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/!\ this page should be merged into the [[http://www.debian.org/doc/manuals/developers-reference/|developer's reference]].
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Even though ITPs are usually welcomed by Debian community, in some cases it is wise to research first either your time is worth the effort. You might be better of finding an alternative and helping out with its maintenance in Debian. Even though ITPs are usually welcomed by Debian community, in some cases it is wise to research first either your time is worth the effort. You might be better off finding an alternative and helping out with its maintenance in Debian.
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Find out if the software already exists in Debian. The existing package could have a different name to what you might expect, so do your search carefully and exhaustively.

/!\ this page should be merged into the developer's reference.

An Intent to Package (ITP) is a Debian bug report of the Work-Needing and Prospective Packages (WNPP) family. See WNPP for further info.

Even though ITPs are usually welcomed by Debian community, in some cases it is wise to research first either your time is worth the effort. You might be better off finding an alternative and helping out with its maintenance in Debian.

Before filing an ITP

Find out if the software already exists in Debian. The existing package could have a different name to what you might expect, so do your search carefully and exhaustively.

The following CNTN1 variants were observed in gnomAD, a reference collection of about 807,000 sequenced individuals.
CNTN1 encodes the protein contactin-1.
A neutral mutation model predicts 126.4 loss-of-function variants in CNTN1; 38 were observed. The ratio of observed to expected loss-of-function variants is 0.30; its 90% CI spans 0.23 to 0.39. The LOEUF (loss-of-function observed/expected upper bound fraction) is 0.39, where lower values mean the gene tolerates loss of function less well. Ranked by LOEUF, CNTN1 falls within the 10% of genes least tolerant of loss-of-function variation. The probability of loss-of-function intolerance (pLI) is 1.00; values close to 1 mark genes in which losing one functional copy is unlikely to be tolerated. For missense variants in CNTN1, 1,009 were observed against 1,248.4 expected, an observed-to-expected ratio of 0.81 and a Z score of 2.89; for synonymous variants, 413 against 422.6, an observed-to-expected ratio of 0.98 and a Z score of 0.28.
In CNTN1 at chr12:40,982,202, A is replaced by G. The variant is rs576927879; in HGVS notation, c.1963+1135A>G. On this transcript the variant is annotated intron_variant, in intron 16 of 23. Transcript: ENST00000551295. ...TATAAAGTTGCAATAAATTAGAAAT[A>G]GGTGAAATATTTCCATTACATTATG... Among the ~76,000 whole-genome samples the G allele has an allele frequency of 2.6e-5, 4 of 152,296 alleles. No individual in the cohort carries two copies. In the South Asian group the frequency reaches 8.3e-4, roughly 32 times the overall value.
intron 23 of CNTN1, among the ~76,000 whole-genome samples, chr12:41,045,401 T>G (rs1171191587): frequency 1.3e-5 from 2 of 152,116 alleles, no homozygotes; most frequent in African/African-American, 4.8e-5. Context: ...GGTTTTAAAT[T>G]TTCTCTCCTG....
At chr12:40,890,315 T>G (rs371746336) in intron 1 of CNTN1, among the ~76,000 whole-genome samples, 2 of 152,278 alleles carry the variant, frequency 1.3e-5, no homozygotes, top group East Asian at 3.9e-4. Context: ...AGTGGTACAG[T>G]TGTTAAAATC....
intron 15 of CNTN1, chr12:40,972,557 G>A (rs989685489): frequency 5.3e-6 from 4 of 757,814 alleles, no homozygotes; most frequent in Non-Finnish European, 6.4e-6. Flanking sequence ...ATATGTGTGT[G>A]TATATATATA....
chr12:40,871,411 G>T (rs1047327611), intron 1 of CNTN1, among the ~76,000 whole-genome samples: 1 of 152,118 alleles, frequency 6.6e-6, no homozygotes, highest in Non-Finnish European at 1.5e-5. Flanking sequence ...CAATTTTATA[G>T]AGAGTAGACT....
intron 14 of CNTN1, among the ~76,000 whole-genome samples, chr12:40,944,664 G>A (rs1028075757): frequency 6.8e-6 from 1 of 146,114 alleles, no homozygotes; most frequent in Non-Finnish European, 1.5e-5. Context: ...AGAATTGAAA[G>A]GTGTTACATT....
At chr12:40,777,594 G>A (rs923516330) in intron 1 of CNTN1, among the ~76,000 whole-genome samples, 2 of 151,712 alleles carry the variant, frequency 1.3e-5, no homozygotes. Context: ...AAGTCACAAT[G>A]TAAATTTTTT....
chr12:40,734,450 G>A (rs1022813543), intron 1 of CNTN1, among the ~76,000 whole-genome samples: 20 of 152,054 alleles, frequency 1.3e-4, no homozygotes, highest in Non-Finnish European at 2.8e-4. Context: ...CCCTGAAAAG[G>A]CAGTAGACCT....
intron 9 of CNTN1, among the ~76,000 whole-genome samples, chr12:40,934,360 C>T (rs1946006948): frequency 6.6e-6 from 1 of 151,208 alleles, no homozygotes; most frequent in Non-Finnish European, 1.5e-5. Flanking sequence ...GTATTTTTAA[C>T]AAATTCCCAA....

Please research how many similar software packages are there actually in Debian, in what shape they are, whether they have active upstream and downstream maintainers. Such knowledge might prepare you to defend your ITP in favor over existing alternatives.

If similar (mature) alternatives exist, before packaging consider contacting upstream asking why they write this software. Maybe they can be convinced to combine their efforts with upstreams of similar packages to avoid duplicating the efforts and guaranteeing longevity of the combined project.

Reasons why a new package might get rejected nevertheless

Especially if the archive already contains analogous packages, following reasons might be presented

  • The software is very immature (version 0.1-alpha or something like that).
  • It's a simple script or very small program, and should be merged (either upstream or downstream) with another package.
  • It really is an exact duplicate or a fork of another package with almost no changes to the original.